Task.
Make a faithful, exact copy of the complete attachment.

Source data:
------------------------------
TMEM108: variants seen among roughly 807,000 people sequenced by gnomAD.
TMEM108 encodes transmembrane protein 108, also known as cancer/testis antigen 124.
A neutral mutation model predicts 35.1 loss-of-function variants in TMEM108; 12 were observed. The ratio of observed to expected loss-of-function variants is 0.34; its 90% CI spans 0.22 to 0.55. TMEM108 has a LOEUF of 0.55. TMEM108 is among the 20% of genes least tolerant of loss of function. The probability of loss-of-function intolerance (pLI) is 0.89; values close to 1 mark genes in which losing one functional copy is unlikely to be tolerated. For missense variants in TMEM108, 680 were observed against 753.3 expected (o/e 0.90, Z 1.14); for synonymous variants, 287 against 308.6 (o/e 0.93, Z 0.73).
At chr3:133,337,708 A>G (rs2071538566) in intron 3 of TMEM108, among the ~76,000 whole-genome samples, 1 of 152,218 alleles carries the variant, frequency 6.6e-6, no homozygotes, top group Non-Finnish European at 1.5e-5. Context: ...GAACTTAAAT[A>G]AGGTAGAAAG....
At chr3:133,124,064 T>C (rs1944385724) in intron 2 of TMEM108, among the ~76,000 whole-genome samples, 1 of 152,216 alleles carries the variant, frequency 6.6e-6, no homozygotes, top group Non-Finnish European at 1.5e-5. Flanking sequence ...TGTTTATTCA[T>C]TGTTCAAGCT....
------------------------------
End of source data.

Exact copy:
TMEM108: variants seen among roughly 807,000 people sequenced by gnomAD.
TMEM108 encodes transmembrane protein 108, also known as cancer/testis antigen 124.
A neutral mutation model predicts 35.1 loss-of-function variants in TMEM108; 12 were observed. The ratio of observed to expected loss-of-function variants is 0.34; its 90% CI spans 0.22 to 0.55. TMEM108 has a LOEUF of 0.55. TMEM108 is among the 20% of genes least tolerant of loss of function. The probability of loss-of-function intolerance (pLI) is 0.89; values close to 1 mark genes in which losing one functional copy is unlikely to be tolerated. For missense variants in TMEM108, 680 were observed against 753.3 expected (o/e 0.90, Z 1.14); for synonymous variants, 287 against 308.6 (o/e 0.93, Z 0.73).
At chr3:133,337,708 A>G (rs2071538566) in intron 3 of TMEM108, among the ~76,000 whole-genome samples, 1 of 152,218 alleles carries the variant, frequency 6.6e-6, no homozygotes, top group Non-Finnish European at 1.5e-5. Context: ...GAACTTAAAT[A>G]AGGTAGAAAG....
At chr3:133,124,064 T>C (rs1944385724) in intron 2 of TMEM108, among the ~76,000 whole-genome samples, 1 of 152,216 alleles carries the variant, frequency 6.6e-6, no homozygotes, top group Non-Finnish European at 1.5e-5. Flanking sequence ...TGTTTATTCA[T>C]TGTTCAAGCT....